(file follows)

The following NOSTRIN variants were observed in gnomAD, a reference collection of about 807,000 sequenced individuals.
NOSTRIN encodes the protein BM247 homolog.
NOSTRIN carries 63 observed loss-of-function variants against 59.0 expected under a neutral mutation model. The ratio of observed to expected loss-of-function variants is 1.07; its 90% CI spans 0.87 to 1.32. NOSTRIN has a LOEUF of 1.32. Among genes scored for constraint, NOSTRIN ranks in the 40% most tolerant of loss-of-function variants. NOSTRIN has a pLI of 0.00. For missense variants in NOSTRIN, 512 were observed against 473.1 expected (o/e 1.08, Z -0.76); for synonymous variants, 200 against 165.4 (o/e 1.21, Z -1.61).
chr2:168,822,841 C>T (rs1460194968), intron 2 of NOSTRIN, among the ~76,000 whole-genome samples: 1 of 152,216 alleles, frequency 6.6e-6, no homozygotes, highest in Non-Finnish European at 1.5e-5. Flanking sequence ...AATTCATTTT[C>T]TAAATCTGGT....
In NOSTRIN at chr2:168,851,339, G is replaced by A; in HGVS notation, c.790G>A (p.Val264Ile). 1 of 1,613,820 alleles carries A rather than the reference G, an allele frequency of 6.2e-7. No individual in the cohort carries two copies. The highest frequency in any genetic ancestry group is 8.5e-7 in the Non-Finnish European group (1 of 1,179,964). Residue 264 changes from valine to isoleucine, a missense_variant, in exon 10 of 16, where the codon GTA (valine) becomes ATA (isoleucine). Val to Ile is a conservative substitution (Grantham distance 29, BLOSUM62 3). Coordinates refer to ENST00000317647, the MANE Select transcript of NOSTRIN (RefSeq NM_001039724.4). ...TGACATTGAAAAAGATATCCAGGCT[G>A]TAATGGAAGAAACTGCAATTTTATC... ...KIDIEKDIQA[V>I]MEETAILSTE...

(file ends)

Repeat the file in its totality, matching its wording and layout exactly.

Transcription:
The following NOSTRIN variants were observed in gnomAD, a reference collection of about 807,000 sequenced individuals.
NOSTRIN encodes the protein BM247 homolog.
NOSTRIN carries 63 observed loss-of-function variants against 59.0 expected under a neutral mutation model. The ratio of observed to expected loss-of-function variants is 1.07; its 90% CI spans 0.87 to 1.32. NOSTRIN has a LOEUF of 1.32. Among genes scored for constraint, NOSTRIN ranks in the 40% most tolerant of loss-of-function variants. NOSTRIN has a pLI of 0.00. For missense variants in NOSTRIN, 512 were observed against 473.1 expected (o/e 1.08, Z -0.76); for synonymous variants, 200 against 165.4 (o/e 1.21, Z -1.61).
chr2:168,822,841 C>T (rs1460194968), intron 2 of NOSTRIN, among the ~76,000 whole-genome samples: 1 of 152,216 alleles, frequency 6.6e-6, no homozygotes, highest in Non-Finnish European at 1.5e-5. Flanking sequence ...AATTCATTTT[C>T]TAAATCTGGT....
In NOSTRIN at chr2:168,851,339, G is replaced by A; in HGVS notation, c.790G>A (p.Val264Ile). 1 of 1,613,820 alleles carries A rather than the reference G, an allele frequency of 6.2e-7. No individual in the cohort carries two copies. The highest frequency in any genetic ancestry group is 8.5e-7 in the Non-Finnish European group (1 of 1,179,964). Residue 264 changes from valine to isoleucine, a missense_variant, in exon 10 of 16, where the codon GTA (valine) becomes ATA (isoleucine). Val to Ile is a conservative substitution (Grantham distance 29, BLOSUM62 3). Coordinates refer to ENST00000317647, the MANE Select transcript of NOSTRIN (RefSeq NM_001039724.4). ...TGACATTGAAAAAGATATCCAGGCT[G>A]TAATGGAAGAAACTGCAATTTTATC... ...KIDIEKDIQA[V>I]MEETAILSTE...